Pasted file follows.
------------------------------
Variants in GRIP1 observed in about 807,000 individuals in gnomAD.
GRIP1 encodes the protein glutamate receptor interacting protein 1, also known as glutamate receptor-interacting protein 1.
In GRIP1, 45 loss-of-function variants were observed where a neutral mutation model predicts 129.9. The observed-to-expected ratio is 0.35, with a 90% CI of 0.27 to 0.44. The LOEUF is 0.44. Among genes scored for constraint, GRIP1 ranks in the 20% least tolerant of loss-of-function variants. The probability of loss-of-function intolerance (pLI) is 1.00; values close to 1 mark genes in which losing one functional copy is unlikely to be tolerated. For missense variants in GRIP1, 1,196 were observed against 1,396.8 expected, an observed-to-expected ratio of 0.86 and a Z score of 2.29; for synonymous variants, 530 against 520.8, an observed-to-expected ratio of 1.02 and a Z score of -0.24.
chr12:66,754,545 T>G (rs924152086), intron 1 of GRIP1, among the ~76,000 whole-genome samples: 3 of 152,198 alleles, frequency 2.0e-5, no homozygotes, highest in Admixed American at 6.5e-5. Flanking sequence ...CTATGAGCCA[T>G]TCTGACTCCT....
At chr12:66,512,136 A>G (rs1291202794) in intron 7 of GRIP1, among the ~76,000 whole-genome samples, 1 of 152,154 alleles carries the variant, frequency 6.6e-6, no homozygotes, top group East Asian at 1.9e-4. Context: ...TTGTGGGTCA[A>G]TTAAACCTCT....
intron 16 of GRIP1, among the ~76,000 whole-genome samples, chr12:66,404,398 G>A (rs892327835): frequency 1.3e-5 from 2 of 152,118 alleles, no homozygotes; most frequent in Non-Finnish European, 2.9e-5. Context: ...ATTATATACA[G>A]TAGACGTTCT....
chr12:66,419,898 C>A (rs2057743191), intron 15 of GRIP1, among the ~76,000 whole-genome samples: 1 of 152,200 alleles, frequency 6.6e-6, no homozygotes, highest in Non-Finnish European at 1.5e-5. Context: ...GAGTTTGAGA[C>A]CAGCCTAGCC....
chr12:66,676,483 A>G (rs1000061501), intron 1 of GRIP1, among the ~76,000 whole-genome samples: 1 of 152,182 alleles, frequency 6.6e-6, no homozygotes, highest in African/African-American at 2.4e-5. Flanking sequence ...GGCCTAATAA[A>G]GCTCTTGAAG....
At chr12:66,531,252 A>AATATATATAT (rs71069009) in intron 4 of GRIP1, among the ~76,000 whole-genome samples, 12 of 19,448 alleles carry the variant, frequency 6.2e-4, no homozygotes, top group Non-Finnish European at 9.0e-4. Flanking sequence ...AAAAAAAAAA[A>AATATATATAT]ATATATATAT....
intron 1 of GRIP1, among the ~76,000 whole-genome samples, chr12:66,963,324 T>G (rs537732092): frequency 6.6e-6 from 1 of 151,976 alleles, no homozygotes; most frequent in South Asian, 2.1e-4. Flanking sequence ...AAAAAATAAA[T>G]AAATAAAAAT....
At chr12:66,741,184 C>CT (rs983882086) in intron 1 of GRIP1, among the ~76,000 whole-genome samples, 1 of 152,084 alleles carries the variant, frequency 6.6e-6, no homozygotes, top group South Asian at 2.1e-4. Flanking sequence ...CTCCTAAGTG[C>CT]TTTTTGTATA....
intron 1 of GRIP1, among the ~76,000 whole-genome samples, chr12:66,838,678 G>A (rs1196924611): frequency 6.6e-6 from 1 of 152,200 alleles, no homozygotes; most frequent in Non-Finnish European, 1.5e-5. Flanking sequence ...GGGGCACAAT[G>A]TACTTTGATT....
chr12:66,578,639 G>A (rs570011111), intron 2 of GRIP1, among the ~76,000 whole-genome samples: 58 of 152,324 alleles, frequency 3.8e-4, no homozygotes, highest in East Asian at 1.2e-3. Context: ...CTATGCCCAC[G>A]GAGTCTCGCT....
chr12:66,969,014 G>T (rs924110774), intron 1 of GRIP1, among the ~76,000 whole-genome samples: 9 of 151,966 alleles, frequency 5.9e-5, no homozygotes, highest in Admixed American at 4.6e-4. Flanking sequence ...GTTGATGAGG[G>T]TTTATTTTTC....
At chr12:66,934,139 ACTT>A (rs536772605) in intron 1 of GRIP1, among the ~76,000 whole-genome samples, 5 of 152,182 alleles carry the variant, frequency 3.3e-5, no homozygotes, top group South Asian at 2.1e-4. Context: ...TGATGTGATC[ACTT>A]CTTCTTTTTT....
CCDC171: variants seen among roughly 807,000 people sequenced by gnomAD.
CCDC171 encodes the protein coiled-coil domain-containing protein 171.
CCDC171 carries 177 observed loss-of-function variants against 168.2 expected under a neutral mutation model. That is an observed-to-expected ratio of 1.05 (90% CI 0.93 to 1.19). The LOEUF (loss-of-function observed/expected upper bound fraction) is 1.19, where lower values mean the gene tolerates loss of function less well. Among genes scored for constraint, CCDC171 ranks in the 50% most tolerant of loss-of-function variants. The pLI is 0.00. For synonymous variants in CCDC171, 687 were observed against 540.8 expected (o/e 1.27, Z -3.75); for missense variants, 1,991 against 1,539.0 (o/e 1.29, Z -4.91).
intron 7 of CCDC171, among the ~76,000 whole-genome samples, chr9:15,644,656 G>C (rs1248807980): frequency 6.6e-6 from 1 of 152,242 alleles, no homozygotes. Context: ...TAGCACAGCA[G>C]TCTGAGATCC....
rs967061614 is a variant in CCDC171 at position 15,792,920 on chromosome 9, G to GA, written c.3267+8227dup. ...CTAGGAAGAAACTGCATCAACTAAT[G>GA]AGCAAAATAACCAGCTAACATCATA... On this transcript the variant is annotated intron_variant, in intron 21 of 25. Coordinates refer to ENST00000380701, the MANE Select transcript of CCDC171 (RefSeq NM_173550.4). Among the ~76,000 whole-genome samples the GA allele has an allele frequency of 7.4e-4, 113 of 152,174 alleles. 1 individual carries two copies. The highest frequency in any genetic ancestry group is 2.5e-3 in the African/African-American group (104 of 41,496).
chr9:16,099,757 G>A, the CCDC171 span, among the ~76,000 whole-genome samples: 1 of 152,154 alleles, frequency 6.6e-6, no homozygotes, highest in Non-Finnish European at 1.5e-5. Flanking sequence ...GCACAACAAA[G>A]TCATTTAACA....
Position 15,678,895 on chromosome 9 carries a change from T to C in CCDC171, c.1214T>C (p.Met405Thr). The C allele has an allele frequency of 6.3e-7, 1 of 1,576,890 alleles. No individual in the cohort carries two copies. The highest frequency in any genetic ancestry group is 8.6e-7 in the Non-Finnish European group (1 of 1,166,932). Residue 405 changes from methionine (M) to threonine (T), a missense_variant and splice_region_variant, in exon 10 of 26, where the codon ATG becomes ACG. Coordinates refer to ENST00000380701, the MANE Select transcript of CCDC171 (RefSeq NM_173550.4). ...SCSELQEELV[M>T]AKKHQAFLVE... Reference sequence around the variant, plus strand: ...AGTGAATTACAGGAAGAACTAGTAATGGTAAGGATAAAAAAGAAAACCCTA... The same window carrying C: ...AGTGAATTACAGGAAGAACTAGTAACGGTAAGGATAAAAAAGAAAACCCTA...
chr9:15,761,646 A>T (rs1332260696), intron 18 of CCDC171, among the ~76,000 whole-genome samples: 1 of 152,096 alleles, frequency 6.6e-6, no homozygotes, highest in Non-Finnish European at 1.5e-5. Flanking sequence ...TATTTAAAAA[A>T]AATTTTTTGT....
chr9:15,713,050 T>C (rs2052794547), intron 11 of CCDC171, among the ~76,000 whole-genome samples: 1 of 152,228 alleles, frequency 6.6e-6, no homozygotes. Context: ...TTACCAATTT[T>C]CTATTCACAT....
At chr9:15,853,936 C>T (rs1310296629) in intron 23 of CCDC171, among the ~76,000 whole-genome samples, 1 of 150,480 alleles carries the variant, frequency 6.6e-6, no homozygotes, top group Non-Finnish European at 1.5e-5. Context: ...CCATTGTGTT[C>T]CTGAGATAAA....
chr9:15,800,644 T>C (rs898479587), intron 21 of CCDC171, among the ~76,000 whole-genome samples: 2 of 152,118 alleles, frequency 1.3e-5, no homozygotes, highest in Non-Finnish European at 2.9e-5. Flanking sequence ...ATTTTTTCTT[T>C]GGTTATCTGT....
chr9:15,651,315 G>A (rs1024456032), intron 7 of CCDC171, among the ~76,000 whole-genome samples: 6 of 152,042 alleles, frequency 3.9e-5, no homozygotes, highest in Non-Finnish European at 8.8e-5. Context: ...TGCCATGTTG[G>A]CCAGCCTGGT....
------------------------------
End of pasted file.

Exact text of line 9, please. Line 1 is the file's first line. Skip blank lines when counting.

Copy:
At chr12:66,531,252 A>AATATATATAT (rs71069009) in intron 4 of GRIP1, among the ~76,000 whole-genome samples, 12 of 19,448 alleles carry the variant, frequency 6.2e-4, no homozygotes, top group Non-Finnish European at 9.0e-4. Flanking sequence ...AAAAAAAAAA[A>AATATATATAT]ATATATATAT....